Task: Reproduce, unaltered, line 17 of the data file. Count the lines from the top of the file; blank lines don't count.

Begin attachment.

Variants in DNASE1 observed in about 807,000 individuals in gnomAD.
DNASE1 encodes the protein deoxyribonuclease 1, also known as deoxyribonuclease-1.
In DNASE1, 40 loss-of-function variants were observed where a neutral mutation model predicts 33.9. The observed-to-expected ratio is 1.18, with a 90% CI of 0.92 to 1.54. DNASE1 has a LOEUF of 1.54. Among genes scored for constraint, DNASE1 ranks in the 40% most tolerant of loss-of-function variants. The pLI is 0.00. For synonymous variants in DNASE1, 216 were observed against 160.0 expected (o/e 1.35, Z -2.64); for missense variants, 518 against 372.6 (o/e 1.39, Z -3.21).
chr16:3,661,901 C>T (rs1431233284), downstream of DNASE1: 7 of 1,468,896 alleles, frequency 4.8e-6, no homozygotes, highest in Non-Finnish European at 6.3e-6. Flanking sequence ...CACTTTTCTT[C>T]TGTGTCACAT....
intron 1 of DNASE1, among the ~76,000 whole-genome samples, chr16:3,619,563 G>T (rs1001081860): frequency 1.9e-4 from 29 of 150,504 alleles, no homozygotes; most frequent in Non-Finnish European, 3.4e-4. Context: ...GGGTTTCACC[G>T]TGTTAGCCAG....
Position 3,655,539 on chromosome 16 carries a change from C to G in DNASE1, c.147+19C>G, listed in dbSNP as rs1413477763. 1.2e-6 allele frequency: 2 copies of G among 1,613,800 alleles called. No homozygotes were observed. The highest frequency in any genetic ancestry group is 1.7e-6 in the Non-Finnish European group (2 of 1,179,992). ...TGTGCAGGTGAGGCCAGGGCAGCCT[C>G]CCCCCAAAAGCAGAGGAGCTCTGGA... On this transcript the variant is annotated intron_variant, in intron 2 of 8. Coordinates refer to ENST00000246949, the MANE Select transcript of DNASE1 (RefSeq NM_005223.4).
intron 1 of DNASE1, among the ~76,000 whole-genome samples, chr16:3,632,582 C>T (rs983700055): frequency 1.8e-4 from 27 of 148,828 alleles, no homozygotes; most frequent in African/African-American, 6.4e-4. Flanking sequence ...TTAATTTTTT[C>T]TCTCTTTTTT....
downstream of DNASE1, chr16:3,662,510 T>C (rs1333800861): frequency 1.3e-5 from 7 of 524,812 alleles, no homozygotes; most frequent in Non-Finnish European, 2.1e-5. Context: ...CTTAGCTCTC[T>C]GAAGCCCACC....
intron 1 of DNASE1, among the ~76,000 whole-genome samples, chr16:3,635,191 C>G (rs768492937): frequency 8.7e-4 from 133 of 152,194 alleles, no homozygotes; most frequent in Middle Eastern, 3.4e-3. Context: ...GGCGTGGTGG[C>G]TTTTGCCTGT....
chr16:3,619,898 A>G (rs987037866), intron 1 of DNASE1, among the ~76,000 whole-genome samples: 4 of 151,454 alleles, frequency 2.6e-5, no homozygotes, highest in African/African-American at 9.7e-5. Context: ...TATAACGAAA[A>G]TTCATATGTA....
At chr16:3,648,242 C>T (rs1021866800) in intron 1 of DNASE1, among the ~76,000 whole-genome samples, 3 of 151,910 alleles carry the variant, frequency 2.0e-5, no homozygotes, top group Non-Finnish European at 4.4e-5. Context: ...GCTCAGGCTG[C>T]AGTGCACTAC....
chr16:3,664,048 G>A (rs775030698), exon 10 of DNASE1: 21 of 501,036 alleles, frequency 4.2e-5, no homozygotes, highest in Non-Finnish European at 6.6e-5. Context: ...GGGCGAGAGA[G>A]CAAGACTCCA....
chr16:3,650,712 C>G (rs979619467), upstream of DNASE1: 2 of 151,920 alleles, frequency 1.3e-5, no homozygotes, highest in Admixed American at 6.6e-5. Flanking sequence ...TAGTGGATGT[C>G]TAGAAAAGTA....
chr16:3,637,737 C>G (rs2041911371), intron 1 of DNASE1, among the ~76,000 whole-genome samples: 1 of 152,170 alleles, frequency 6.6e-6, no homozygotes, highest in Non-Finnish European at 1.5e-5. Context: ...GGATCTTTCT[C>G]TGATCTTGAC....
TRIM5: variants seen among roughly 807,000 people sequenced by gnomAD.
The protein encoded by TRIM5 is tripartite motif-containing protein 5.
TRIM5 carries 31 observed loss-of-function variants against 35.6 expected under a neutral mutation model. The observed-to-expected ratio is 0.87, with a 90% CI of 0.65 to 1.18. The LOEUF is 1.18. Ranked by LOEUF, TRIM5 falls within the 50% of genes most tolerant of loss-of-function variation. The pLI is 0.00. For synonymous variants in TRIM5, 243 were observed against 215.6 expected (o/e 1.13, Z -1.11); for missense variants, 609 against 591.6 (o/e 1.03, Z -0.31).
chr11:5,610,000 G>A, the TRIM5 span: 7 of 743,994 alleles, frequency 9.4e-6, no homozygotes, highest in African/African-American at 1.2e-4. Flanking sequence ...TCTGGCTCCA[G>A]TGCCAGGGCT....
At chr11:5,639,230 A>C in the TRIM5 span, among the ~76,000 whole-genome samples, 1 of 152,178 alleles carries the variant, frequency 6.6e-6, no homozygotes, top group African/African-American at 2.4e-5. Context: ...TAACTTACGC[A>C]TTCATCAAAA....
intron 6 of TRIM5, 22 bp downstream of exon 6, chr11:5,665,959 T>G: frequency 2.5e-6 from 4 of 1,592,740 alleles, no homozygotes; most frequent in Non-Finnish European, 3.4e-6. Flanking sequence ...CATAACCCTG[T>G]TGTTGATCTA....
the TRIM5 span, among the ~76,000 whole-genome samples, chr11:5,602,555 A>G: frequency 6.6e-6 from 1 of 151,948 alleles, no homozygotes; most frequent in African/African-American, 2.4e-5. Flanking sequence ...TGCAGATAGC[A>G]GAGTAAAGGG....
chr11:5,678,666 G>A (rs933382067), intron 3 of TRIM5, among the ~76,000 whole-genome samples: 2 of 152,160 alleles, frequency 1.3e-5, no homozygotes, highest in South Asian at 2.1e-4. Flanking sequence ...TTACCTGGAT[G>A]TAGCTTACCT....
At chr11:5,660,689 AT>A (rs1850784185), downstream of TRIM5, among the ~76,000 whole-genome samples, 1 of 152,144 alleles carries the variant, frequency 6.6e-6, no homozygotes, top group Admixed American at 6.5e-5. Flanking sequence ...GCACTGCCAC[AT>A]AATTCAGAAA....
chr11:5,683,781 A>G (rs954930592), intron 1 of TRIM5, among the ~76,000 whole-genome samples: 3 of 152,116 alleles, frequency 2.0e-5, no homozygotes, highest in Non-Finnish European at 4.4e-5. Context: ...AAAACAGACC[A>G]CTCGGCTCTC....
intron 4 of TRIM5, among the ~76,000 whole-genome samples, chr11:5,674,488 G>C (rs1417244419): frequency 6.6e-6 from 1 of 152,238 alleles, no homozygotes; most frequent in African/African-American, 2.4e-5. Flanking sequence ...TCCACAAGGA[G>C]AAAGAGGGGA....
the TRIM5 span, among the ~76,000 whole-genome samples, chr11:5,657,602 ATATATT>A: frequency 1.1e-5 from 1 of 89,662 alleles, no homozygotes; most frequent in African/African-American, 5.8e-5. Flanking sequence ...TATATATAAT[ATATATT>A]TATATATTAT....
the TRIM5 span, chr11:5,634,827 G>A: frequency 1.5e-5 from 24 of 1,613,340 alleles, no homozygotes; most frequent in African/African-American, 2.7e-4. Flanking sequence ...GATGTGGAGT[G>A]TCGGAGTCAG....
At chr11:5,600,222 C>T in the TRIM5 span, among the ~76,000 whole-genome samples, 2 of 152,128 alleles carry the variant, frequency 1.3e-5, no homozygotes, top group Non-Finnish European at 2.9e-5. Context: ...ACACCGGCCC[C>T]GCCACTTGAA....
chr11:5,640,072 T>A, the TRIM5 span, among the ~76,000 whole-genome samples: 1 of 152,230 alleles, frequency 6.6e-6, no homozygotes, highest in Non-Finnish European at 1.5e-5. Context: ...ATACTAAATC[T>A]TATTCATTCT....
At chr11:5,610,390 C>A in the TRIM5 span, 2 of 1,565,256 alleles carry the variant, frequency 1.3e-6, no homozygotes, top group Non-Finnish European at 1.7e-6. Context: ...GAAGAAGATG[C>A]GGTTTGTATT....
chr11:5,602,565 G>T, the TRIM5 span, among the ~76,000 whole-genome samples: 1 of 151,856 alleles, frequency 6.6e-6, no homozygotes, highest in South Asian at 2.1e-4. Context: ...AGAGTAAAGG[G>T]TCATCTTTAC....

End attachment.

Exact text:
TRIM5 carries 31 observed loss-of-function variants against 35.6 expected under a neutral mutation model. The observed-to-expected ratio is 0.87, with a 90% CI of 0.65 to 1.18. The LOEUF is 1.18. Ranked by LOEUF, TRIM5 falls within the 50% of genes most tolerant of loss-of-function variation. The pLI is 0.00. For synonymous variants in TRIM5, 243 were observed against 215.6 expected (o/e 1.13, Z -1.11); for missense variants, 609 against 591.6 (o/e 1.03, Z -0.31).